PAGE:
This page is dedicated to my Mother who died of old age. I use to joke with her because she was 90 years old didn’t have a single thing wrong with her. I told her she was going to live forever at this rate. Boy was I wrong! She eventually developed a condition where she couldn’t swallow. Her esophagus eventually got weaker and weaker until she couldn’t ingest enough nourishment to sustain her life. She passed away January 23, 2006 at 7:45PM. Her four children were with her (three physically by her side and one on the phone) and several of her grandchildren where there including Lisa who had cared for her and been her almost constant companion for the last seven months. She passed very peacefully. This page is not a morning of her death, but rather, a celebration of her life.
My mother’s funeral was befitting of a queen. It was held in St. John the Evangelist Church in Schenectady NY, and was as large as a cathedral. The ceilings went up forever, and everywhere you looked was marble. The seating was like an amphitheatre and the altar was magnificent. Her granddaughter Lisa who took care of her the past seven months did the bible reading from the Old Testament and her eldest grand daughter Jennifer did the New testament reading. Her eldest grandson Vincent read the General Intercessions and, two of her great-grandchildren, Briana and Michael, brought up the offertory gifts. The pastor even asked me to assist with the communion. I had told him I was a Eucharistic Minister but I didn’t ask to participate in the Mass so it was a total surprise to me.
Many who attended told me it was a true celebration of her life and not a funeral at all. It was the greatest compliment they could have given me. I’m sure my father was smiling down upon me. I was only trying to do what he would have done had he been alive.
Here is the eulogy that I wrote for my mother. The Pastor read the major parts of it and since he was Italian too, he relayed the fact the he knew what it’s like having an Italian mother:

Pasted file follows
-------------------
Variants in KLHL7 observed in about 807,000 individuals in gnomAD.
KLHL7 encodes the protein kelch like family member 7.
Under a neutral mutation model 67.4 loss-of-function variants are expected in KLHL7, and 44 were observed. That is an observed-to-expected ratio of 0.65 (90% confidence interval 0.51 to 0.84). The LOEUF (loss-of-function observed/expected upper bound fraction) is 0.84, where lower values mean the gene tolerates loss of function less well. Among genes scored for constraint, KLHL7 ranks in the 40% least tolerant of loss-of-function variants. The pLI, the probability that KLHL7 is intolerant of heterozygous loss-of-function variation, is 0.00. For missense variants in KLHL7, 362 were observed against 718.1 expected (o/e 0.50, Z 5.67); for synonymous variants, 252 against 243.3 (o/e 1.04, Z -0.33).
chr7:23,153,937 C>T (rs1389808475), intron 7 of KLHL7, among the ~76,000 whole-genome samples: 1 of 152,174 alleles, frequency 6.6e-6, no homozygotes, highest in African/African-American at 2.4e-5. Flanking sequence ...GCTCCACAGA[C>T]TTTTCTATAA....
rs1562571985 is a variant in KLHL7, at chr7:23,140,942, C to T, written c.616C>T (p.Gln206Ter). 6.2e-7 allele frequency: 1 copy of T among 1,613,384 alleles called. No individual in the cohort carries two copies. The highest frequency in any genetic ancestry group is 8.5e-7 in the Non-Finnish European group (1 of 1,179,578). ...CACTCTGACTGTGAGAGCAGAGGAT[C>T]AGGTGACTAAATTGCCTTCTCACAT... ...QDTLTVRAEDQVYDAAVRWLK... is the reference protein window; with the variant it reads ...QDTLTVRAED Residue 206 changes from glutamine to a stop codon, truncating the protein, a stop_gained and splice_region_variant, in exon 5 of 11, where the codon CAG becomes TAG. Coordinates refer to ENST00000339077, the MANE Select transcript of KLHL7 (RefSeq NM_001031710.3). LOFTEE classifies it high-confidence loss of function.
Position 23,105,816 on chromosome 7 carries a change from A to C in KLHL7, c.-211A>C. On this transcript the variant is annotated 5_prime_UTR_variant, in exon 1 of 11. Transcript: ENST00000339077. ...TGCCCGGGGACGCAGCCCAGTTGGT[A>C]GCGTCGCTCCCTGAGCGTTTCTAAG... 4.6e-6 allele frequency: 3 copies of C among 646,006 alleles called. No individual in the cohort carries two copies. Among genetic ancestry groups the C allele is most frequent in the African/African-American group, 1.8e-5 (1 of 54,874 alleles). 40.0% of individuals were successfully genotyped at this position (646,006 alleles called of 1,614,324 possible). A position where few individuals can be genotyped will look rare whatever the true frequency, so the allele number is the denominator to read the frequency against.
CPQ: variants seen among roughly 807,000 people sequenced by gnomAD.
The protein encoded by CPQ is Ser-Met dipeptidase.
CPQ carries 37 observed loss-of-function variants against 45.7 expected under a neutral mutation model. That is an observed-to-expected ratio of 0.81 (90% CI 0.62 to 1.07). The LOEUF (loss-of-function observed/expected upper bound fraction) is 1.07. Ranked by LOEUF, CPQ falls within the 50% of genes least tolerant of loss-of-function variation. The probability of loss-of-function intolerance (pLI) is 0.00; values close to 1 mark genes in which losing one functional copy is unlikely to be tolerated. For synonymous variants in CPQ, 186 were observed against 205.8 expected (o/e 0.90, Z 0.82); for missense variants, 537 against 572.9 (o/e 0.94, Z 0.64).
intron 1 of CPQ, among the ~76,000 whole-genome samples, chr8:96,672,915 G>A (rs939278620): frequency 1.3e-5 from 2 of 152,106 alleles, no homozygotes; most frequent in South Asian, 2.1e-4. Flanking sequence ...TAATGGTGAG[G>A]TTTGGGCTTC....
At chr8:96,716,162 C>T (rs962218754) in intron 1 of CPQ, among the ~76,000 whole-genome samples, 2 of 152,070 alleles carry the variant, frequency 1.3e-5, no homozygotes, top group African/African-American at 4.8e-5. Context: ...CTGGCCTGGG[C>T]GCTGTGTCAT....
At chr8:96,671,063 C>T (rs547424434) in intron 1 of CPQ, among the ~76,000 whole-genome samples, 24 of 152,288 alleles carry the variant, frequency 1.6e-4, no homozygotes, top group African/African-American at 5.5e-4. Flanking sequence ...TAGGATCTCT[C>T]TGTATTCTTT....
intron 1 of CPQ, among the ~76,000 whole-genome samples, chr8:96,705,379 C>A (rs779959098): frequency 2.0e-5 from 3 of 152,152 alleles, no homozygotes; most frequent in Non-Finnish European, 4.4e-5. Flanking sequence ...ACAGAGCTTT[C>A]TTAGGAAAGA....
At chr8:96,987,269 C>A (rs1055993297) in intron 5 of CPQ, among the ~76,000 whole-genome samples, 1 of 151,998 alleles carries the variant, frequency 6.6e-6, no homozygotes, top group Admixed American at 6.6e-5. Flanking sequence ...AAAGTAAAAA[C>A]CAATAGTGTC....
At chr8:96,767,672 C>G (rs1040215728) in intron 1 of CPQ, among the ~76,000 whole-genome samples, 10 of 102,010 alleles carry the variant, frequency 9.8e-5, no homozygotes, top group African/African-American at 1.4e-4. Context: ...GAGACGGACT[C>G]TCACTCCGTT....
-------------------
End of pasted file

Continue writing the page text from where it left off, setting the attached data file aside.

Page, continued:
I know that Mom is smiling upon us today because she always smiled when her family was gathered together. Family was at the core of who mom was. She wasn’t much for social events, she wasn’t much for politics, she didn’t watch soap operas, she just cared and nurtured her family in the best way she knew how. Every Sunday she would get up early to attend Mass so that she could come home and start cooking the Sunday dinner by 9:00AM. A big pot of gravy could be found on the stove cooking, and cooking, and cooking. Somehow, Dad would always manage to steal a few fried meatballs before they made it to gravy. On special occasions she would make homemade macaroni. In fact, the whole family would make homemade ravioli with each family member having their own job to do in a giant assembly line that started in the kitchen and ended on a white floured sheet in the bedroom.
To Mom, food was love. When I asked her grandchildren for memories of their grandmother, they all agreed that the three words most often used by grandma were, “Eat, eat, eat”. That was her way of saying, “I love you, I love you, I love you”. She could whip up a gourmet meal on a moments notice out of just what was in the refrigerator and proclaim, “oh it’s so simple to do”. So many of the memories they had of her where about food and therefore about her love. Love for her husband, and her children and her grandchildren and great-grandchildren. The pizzelles, the home-made ravioli, the polenta, the spaghetti alio ulio, the cheesecake, the Easter bread, the Christmas cookies, and the list goes on and on. Mom sure knew how to cook up a lot of love.
We should remember today not to mourn her passing but to celebrate her life. Her life as a loving grandmother and great-grandmother to so many of you sitting here. Her life as a mother who did her best to guide her children in the right direction. Her life as a dedicated wife and companion of 56 years to Dad who loved her just as deeply. I know that Mom & Dad loved to dance and today I am sure they are together again dancing in heaven. Let us be happy for them and for the privilege to have known our mom, Antoinette Rofrano, and have been touched by her life.
John J. Rofrano Jr., January 28, 2006
A Life Goal
I regret that my father didn’t live long enough to see me achieve one of my life long goals; to write a book. I don’t know what it was about writing a book that intrigued me but I always felt that I had information to share on a number of topics and it would be great to document it in a book. I was lucky enough to achieve that goal in January 2005 and was also lucky that my mother was still alive to celebrate this milestone with me.
This is a picture of me and my mother taken on February 15, 2005 when I showed her that I had written my first book. I remember her looking through the pages at all the pictures and I was trying to explain to her that it was an instructional book on music software. She just kept looking and looking and the looked up at me with a smile like she was very proud.
My next life long goal is to live to be 90 just like my mother. 😉